Keep your eyes on the veterinary practice interview: How women differ from men in the hiring process - DVM
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Keep your eyes on the veterinary practice interview: How women differ from men in the hiring process
If you have trouble with constant turnover and filling open positions, take stock of your communication—especially when it comes to women


Better interviewing

There are many things to consider when interviewing. Mountains of articles have been written about the process. However, if the interviewer does not pay attention to the communication style of the person across the table, everything else goes out the window. Remember that this is less about gender and more about behavioral tendencies. Consider these points when interviewing candidates:

> Salary is important, but that discussion should be toward the end of the interview.

> Being cute is not always well received and usually misunderstood.

> Meaningful dialogue is only genuine if both parties engage each other with their eyes.

> Allow candidates to relate situations from previous employment.

> If you talk more than the candidate, you will learn very little.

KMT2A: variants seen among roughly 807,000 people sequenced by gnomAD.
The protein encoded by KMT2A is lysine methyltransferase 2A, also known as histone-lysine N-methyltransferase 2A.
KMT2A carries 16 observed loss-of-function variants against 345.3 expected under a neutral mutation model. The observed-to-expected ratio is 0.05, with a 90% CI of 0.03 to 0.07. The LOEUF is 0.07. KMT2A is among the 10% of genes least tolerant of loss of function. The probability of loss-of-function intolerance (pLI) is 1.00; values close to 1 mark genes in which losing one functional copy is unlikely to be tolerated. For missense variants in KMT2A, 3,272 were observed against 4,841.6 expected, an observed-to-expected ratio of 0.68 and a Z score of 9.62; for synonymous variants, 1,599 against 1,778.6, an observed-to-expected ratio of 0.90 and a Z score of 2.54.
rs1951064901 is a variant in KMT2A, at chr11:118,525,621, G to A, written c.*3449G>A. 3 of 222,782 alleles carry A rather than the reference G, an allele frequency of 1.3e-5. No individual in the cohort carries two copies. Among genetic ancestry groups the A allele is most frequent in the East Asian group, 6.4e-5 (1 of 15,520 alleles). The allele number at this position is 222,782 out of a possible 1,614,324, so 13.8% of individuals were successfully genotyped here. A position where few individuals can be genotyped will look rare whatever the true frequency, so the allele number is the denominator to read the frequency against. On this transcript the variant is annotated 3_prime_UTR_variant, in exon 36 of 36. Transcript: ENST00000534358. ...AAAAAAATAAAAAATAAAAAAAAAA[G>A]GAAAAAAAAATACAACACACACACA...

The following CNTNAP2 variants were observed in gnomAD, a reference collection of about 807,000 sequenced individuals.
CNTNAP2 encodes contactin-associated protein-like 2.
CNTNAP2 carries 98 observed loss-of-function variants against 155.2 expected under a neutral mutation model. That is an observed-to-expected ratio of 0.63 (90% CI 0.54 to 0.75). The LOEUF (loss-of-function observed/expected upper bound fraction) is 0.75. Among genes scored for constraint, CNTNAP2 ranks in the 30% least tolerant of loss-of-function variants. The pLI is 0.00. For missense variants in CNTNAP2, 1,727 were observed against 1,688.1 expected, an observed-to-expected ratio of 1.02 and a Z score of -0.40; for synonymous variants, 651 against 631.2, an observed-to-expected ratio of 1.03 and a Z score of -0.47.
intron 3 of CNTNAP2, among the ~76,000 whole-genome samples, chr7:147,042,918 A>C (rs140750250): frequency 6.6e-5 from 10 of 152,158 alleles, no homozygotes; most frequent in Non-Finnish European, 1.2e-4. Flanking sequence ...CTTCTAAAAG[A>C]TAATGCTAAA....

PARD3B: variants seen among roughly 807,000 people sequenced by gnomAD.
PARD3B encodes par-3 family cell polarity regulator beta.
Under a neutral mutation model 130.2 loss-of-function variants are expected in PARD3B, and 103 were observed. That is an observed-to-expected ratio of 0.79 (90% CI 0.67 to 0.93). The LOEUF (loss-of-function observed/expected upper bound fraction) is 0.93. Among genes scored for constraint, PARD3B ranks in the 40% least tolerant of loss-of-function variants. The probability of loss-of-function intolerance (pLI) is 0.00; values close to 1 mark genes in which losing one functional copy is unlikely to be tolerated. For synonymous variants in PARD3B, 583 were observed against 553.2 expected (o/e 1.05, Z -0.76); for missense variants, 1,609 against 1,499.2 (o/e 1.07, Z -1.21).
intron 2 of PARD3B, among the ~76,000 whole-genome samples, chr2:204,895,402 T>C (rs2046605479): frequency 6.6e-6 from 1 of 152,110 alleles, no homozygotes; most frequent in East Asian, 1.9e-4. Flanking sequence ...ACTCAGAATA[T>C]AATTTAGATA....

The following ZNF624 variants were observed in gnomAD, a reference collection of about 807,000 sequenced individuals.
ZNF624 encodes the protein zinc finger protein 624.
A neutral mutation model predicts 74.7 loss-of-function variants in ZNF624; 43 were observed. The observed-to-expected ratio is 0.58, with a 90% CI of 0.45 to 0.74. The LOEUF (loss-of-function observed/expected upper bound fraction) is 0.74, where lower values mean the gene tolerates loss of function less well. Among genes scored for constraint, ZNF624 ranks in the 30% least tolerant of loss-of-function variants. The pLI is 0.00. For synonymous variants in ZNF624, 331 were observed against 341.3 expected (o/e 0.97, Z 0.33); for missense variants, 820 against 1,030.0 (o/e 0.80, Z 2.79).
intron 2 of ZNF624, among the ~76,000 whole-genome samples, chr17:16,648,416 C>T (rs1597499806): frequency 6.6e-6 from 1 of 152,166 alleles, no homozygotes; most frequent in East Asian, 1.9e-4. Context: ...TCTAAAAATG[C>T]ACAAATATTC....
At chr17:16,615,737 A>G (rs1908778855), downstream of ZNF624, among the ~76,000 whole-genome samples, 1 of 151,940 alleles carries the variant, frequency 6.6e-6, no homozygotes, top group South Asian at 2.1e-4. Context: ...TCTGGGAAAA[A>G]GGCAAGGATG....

> Integrate interviews with conversations with your staff when possible.

> Allow hospital employees to help you interview to gain perspective.

> Finally, when you hire that next veterinarian be sure to mentor the candidate and allow him or her to interact with you in meaningful discussions.

This article is not autobiographical, but I see a little bit of John Sanders in myself and many men that I know. Working with people—especially women—in the workplace requires a purposeful attempt to think about the other person's feelings and expectations. This goes the other way as well.

I've noticed that men like to talk about the weather and sports. This is because a lot of men are terrible when it comes to meaningful conversations. And thus men have trouble interacting with long and purposeful discussion. Men want to fix things quickly and go on to the next problem.

I find myself trying to end most phone conversations after the purpose of the conversation has ended. This is not necessarily a masculine thing—it's often a learned behavioral expectation. But these things are changing quickly and for the better.

Dr. Lane is a graduate of the University of Illinois. He owns and manages two practices in southern Illinois. Dr. Lane completed a master's degree in agricultural economics in 1996. He is a speaker and author of numerous practice-management articles. He also offers a broad range of consulting services. Dr. Lane can be reached at


Source: DVM360 MAGAZINE,
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